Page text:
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publicationMay 30, 2023

Yemen Country Economic Memorandum: Glimmers of Hope in Dark Times (2023)

Market Scene in Old Sanaa, Yemen

Market Scene in Old Sana, Yemen.


The World Bank’s new report on Yemen’s economic situation, calls attention to the challenges faced by the country and the opportunities for recovery and growth. The report, titled “Yemen Country Economic Memorandum: Glimmers of Hope in Dark Times,” uses innovative and technologically advanced data-gathering methodologies to overcome data constraints and provides a comprehensive analysis of the current economic situation in the country. Before the outbreak of war in late 2014, Yemen was already a poor country with weak governance that had recently sustained a series of economic and political shocks. The war has shattered the country’s already fragile economic equilibrium, touching upon every aspect of life in Yemen. The compounded shocks of the COVID-19 pandemic and rising global prices have only deepened the economic and humanitarian disaster precipitated by the war.

The report acknowledges that working in situations of fragility, conflict, and violence is a complex challenge, and Yemen is no exception. However, it highlights the potential for long-term growth in Yemen and is designed to inform the efforts of policymakers and other stakeholders as they build the foundation for this future.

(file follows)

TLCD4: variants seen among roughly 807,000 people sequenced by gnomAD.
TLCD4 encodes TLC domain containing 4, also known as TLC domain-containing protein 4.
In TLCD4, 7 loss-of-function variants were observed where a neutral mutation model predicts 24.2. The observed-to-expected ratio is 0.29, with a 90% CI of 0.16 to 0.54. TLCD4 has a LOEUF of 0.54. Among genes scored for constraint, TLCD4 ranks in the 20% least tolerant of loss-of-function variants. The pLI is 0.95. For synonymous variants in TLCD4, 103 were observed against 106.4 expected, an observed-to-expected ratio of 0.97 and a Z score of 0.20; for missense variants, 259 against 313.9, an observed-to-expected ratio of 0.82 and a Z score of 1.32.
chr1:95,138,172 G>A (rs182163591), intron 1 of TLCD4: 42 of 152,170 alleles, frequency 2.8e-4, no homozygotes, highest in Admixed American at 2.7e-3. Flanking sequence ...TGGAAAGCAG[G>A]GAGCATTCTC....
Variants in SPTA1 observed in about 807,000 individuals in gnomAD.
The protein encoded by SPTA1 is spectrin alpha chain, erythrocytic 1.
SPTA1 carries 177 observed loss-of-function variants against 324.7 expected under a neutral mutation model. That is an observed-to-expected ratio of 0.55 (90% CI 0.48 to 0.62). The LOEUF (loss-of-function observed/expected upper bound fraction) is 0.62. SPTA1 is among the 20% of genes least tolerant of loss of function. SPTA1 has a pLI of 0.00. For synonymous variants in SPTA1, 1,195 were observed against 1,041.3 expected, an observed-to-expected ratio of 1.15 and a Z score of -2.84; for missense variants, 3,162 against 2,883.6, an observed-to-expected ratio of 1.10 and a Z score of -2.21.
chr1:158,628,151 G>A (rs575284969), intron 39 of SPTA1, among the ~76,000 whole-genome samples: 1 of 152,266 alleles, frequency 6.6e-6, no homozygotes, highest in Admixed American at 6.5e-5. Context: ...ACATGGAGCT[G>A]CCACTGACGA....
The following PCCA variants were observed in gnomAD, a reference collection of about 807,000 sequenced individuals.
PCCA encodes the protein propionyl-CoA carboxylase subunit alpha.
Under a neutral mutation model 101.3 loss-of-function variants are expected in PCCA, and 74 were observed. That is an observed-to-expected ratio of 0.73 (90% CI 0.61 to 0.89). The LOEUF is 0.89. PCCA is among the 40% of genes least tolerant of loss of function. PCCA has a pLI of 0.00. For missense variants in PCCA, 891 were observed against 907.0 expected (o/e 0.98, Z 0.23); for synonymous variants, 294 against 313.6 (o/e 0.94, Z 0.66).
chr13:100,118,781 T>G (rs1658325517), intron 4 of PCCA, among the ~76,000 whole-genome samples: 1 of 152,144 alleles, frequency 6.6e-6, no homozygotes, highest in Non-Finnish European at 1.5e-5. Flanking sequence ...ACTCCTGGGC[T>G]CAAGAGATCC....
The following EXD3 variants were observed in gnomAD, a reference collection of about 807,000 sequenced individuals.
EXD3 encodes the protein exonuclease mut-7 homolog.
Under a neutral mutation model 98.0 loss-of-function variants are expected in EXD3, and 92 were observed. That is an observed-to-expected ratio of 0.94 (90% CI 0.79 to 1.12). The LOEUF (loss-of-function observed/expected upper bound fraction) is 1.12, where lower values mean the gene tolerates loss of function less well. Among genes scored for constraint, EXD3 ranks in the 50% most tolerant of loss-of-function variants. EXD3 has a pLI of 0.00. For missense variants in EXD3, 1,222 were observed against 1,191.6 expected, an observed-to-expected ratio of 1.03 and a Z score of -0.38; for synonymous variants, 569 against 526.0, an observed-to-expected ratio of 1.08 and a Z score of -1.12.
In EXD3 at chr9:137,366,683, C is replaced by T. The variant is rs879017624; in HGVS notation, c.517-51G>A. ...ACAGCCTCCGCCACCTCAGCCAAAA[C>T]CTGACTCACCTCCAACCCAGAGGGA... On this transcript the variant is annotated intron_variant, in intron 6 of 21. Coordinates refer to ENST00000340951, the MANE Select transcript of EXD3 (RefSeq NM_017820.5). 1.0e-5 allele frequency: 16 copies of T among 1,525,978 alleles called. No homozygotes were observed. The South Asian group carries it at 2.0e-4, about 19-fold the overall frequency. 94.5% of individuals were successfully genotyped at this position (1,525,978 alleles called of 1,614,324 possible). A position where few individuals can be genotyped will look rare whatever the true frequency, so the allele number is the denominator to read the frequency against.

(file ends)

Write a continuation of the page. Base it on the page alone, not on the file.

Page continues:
Yeen’s immediate future remains uncertain, and the path to robust and inclusive growth is extremely narrow, but with ground for some qualified optimism. Despite the complexity of the conflict, the ongoing struggle for control of the economy, and the sheer scale of Yemen’s humanitarian crisis and economic deterioration, there are reasons for qualified optimism. One of Yemen’s most promising latent assets is its class of entrepreneurs, who have survived decades of political and economic turbulence. Yemen is surrounded by high-income markets that share cultural ties and import most of their consumption goods. Given peace, stability, and adequate investment, the combination of a resilient private sector and a range of viable export markets could enable a broad-based recovery led by agro-processing and light manufacturing.

Yemen’s political economy is highly volatile, and social and political fragmentation may persist into the post-conflict period. While a peace agreement would be a critical step towards recovery, it would not guarantee a return to macroeconomic stability. Beyond an end to the war, an increase in hydrocarbon production, the reopening of the country’s main transport routes, and better integration in regional and global trade markets would all be vital to renewed growth. In addition, the international community’s cooperation, assistance, and continued presence in Yemen will be critical to support recovery and reconstruction.